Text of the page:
JOC ARCHIVES

November 9, 2009

The Southeast Flase Creek waterfront project in Vancouver.

The Southeast False Creek project was the winner of best overall project at the Brownie Awards.

Canadian Brownfields Conference

Vancouver waterfront project dominates awards

Ontario brownfield reclamation projects — followed by B.C. and Quebec projects— came away with the most Canadian Urban Institute (CUI) Brownie Awards at the 9th annual Canadian Brownfields Conference in Vancouver.

Waterfront developments took three of the major awards and were also winners in other Brownie categories.

Best overall project went to the City of Vancouver for its B.C. Southeast False Creek project (the 2010 Olympic Village portion has already been developed).

Ontario’s Collingwood Shipyards Redevelopment — which also creates a mixed-use waterfront community by FRAM Building Group — CSL Equity Investments, and Terraprobe Consulting Engineers, were given accolades for best large-scale project.

The Jury’s Choice Award went to La Promenade Samuel-De Champlain by the Commission de la Capitale Nationale du Quebec and included marshland restoration and greening of the waterfront.

The CUI Brownie Awards are given out to projects that reflect innovation and leadership in brownfield redevelopment.

CUI president and CEO Glen Murray said the developers engaged in these leading-edge projects are the architects of our new Canada and the architects of our new cities.

Other B.C. projects that took home Brownie Awards include:

• Category 1 (Legislation, policy and program development) with the B.C. Ministry of Agriculture and Lands BC Brownfield Renewal Strategy receiving the award for its innovative focus that looks at reducing risk and uncertainty in brownfield development.

• Category 5 (Excellence in project development: neighourhood scale) award went to the E & N Roundhouse by Hotson Bakker Boniface Haden Architects in Victoria.

New Brunswick’s winner was:

• Best small-scale project won by Commercial Properties Ltd.’s Somerset Square, a former brownfield now housing a thriving business complex bringing people to a formerly underutilized area in Saint John, NB.

Other Ontario winners:

• Best Small-Scale Project with Grey Bruce Health Unit by Salter Pilon Architecture Inc., of Owen Sound, one of two joint winners. The LEED gold building was designed to set new sustainability development along the city’s underdeveloped waterfront area.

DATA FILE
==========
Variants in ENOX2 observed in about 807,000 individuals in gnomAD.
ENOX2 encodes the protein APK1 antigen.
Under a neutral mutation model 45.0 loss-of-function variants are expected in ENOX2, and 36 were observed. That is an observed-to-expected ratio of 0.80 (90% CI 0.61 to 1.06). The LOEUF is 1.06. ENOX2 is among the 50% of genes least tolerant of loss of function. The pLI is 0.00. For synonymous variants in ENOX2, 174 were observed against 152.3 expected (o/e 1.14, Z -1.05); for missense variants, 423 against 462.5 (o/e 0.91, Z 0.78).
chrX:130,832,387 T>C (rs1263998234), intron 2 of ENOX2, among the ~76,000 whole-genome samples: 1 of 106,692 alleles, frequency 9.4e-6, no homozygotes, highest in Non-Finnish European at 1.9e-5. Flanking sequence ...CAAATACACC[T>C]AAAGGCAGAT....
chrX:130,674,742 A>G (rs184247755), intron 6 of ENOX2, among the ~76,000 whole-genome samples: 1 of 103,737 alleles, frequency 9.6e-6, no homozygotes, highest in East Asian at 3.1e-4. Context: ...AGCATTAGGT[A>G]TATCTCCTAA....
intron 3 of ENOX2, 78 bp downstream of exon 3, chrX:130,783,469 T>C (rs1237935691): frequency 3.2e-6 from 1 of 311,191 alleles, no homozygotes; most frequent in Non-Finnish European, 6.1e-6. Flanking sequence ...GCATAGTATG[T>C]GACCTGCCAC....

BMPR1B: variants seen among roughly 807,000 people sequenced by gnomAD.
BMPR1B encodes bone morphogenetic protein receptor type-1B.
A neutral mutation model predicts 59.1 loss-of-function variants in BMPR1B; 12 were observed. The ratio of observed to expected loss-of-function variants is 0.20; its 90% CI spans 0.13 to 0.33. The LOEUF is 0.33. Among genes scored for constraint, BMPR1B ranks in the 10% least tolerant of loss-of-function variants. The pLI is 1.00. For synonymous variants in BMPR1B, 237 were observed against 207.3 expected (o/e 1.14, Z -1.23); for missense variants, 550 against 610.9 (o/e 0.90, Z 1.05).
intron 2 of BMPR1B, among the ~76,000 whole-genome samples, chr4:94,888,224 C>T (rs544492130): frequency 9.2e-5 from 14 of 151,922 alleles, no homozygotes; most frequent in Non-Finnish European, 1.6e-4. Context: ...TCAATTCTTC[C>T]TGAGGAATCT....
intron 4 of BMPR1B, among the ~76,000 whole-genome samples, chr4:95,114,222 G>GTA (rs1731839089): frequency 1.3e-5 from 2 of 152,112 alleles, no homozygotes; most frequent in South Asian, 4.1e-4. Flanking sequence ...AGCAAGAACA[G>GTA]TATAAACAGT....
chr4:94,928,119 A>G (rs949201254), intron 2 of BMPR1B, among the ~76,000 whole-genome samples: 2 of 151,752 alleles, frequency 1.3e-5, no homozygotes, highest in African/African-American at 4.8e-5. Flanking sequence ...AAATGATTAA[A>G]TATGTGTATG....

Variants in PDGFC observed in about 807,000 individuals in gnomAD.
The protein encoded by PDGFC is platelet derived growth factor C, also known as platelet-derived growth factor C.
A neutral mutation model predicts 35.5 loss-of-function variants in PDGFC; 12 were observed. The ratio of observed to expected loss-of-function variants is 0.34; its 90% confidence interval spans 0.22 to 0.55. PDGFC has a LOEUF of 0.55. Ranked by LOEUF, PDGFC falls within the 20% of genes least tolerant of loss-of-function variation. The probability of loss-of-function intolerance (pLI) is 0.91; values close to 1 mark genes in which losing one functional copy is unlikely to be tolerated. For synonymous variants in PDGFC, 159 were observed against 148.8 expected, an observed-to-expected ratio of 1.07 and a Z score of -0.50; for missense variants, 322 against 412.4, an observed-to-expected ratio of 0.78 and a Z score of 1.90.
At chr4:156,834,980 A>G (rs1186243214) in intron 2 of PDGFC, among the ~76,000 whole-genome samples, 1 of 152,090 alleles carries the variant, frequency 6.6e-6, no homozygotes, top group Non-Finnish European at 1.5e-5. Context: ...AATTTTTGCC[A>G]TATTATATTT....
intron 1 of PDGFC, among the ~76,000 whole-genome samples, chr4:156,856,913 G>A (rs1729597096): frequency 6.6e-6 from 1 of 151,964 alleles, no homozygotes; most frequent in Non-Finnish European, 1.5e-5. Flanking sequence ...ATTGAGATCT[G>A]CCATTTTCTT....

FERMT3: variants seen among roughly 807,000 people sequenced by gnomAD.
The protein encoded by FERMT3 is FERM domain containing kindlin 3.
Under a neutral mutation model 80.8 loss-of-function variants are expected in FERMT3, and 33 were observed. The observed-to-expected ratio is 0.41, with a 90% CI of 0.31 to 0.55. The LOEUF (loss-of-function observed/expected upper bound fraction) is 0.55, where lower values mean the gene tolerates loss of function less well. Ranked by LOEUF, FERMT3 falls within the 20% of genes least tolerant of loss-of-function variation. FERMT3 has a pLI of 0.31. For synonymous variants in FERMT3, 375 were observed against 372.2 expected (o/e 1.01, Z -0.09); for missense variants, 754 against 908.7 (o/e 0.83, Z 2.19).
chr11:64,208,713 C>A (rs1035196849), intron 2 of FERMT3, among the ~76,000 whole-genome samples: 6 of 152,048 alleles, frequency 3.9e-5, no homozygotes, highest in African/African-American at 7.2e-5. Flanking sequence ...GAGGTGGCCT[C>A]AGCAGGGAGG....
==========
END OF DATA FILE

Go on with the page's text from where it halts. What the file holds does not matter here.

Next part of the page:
• Category 3 (Financing, risk management and partnerships) with the redevelopment of Hamilton General Hospital by CH2M Hill of Hamilton winning. The initiative involved Hamilton Health Sciences rehabilitation of a five-acre derelict industrial site for hospital expansion.

• Category 6 (Communications, marketing, and public engagement) saw joint winners.

The Niagara Economic Development Corporation and Region of Niagara, Ontario received honors for its in-depth inventory of brownfield sites across 11 local municipalities to be used as a marketing tool for developers, investors, and realtors.

Sharing the award was OCETA with the Canadian Petroleum Products Institute (CPPI) for its Redevelopment Framework for Former Service Stations in Ontario, which is a user-friendly, online and free decision-support tool which clarifies and streamlines the rehab process for old service station sites in Ontario.

• Category 7 (Brownfielder of the Year) was won by Tammy Lomas-Jylha, OCETA’s vice-president of sustainable remediation and brownfield services, for individual achievement over a 25-year career.

Her recent work focuses on connecting private and public stakeholders and green technology together for brownfield redevelopment. She has participated in numerous federal, provincial, and municipal committees.

Another Quebec project receiving a Brownie was:

• Category 2 (Sustainable remediation technologies and technological innovation) for the sustainable remediation of a former petroleum products depot by Golder Associates Ltd. in Victoriaville, Que.

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